JDAIM Shabbat, February 17, 2018
In February 2018, Adath Jeshurun will recognize the 10th Annual Jewish Disability Awareness and Inclusion Month (JDAIM.) The Inclusion Committee, in cooperation with the Jewish Family and Children Services, sponsors activities to raise awareness and encourage action to include people with disabilities in all aspects of synagogue life. The Adath Inclusion Committee is dedicated to making the synagogue accessible to all people, especially those who experience special needs and challenges. This year, on Shabbat Terumah, our presenter will be Albert Walla, who will speak and enlighten us on Understanding Deafness. This should be a very interesting presentation as Mr. Walla speaks through a voice ASL Interpreter.
Check out some samples below of Eliana's music. We look forward to seeing you on December 15th!
D'var Torah by Rabbi Harold J. Kravitz
on Yom Kippur Day 5778
An incident occurred at this very location many years ago. It happened early in my career when I was responsible for running the Kallah program of retreats for Adath’s young teens. As many of you know, before this building was built, this property was the original location of our Kallah retreat center. The Kallah Center space was shared by our Gan Shelanu Nursery School. One weekend we were here for a Shabbat Weekend and all appeared to have gone well, until I got to work on Monday morning. I heard from Susie Chalom, who was the Gan director, that some school equipment had been damaged over the weekend. There was no doubt that kids attending the Kallah retreat were responsible.
D'var Torah by Rabbi Aaron Weininger
on Kol Nidrei 5778
My friend Rabbi Dahlia Bernstein, who visited from Long Island earlier this month, asked why I thought the death of my third grade teacher affected me so deeply. You may remember I spoke from this bimah two years ago about how Mrs. Dorros taught her third graders to keep our shoes pointed to the door. And I wrote about her passing this summer in the September Clarion.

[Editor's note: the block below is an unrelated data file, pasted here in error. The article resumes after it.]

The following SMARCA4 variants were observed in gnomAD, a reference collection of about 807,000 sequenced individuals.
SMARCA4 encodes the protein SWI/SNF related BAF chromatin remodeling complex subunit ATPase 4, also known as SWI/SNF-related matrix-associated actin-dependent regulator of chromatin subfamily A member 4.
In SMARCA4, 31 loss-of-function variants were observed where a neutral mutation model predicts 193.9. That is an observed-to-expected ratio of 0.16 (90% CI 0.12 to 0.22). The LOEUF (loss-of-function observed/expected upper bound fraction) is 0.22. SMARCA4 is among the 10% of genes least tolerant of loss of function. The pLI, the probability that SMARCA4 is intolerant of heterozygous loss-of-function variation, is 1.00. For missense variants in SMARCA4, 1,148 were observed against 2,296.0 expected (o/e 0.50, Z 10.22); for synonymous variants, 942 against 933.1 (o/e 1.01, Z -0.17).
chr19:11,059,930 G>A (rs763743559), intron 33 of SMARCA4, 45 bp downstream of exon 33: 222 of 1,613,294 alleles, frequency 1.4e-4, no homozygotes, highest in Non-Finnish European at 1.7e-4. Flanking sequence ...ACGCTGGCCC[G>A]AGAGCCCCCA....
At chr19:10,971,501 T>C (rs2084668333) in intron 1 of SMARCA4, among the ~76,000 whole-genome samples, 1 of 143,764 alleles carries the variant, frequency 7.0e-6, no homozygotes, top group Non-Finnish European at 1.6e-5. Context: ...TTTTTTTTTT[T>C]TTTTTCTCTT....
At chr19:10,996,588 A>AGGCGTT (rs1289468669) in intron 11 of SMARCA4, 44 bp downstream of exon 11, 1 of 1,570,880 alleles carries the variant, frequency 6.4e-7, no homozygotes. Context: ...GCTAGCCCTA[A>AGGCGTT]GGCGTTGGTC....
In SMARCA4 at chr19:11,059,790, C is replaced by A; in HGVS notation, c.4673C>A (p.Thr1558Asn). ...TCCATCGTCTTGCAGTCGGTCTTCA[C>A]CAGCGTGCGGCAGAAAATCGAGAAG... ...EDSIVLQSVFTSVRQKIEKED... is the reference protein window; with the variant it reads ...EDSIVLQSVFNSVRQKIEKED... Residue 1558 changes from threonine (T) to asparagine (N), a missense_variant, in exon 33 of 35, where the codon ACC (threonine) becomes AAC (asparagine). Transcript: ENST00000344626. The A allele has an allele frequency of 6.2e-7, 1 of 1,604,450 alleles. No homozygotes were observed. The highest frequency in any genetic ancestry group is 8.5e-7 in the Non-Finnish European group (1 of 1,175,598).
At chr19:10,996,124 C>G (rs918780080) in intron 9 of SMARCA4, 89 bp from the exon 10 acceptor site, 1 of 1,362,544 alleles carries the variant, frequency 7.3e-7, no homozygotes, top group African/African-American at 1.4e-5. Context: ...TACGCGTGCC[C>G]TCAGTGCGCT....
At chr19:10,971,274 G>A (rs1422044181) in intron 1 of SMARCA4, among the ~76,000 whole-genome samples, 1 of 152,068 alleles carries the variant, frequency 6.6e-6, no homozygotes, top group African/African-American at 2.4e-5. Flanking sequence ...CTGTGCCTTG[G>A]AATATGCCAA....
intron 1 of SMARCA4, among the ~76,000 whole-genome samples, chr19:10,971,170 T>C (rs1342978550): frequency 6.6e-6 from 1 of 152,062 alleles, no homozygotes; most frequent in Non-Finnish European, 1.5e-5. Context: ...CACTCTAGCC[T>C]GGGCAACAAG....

D'var Torah by Joyce Orbuch
on September 23, 2017
So, is 83 the new 13?? I don’t think so… but Judaism does give us the opportunity to turn 13 twice.
The custom for having a bat or Bar Mitzvah at 83 comes from the verse in Psalm 90 which says, the days of our years are 70, or if by reason of special strength, 80 years. At 70, one can start counting again. Add 13 years and you get 83. Our age.
Saturday, September 23
The custom of celebrating a second Bar or Bat Mitzvah at age 83 comes from the verse in Psalm 90, "The days of our years are seventy, or if by reason of special strength, eighty years..." At 70, one can start counting again. Add 13 years, and you get 83!
By Heidi Geller, Secretary of the Adath Board of Trustees
When my kids were little, Friday nights were evenings spent together. Mostly, we’d light candles and have some bread. Consistently, Danny and I needed some down time from our crazy unbalanced weeks, which consisted of driving to work, driving to daycare, running the dishwasher, running the washing machine, running to the grocery, running to Target – you get the picture.
Needless to say, when Friday night came we had what is now infamously called “Friday Face” – a resting blank face that looks a little frustrated and a little checked out. Therefore on Friday nights I had one request: We be together, but we not talk or create too much energy. So, I instituted Friday movie night. We’d pick a movie on demand, pop up some corn, throw in some junior mints or milk duds (Jordy is not a mint fan), and we’d stare at the screen…in remarkable silence.
At Adath Chesed Shel Emes Cemetery on Monday, May 29
Memorial Day and Holocaust Remembrance will be observed on Monday, May 29 at 10:30 AM at the congregation cemetery, Adath Chesed Shel Emes. The cemetery is located at 3740 Winnetka Avenue North in Crystal.
by Joel Mintzer
An anniversary is a commemoration that occurs annually. Today, I am celebrating a Bar Mitzversary: an event that occurs only once every 13 years. This Shabbat is the third Bar Mitzversary of my original Bar Mitzvah in 1977. In other words, 39 years later.
Thirty nine years ago, like today, I gave a d’var torah, and read the maftir and haftorah. But back then, my d’var torah was written by my father. He was grateful to see the last of four children reach the milestone, and the speech thus referred to me as the caboose of the family.
By Cantor Scott Buckner
Our synagogue and community is blessed by the presence of many devoted volunteers. At this time I would like to highlight a dedicated group of leaders who keep our daily services running with their love of Torah and davening. These members of Adath read Torah and/or lead services every week at our daily minyan with great skill, loving presence and commitment to our synagogue. They go above and beyond, by making their participation a regular commitment and taking responsibility for leading the service on a particular day and time every week.
Adath clergy, staff and congregants share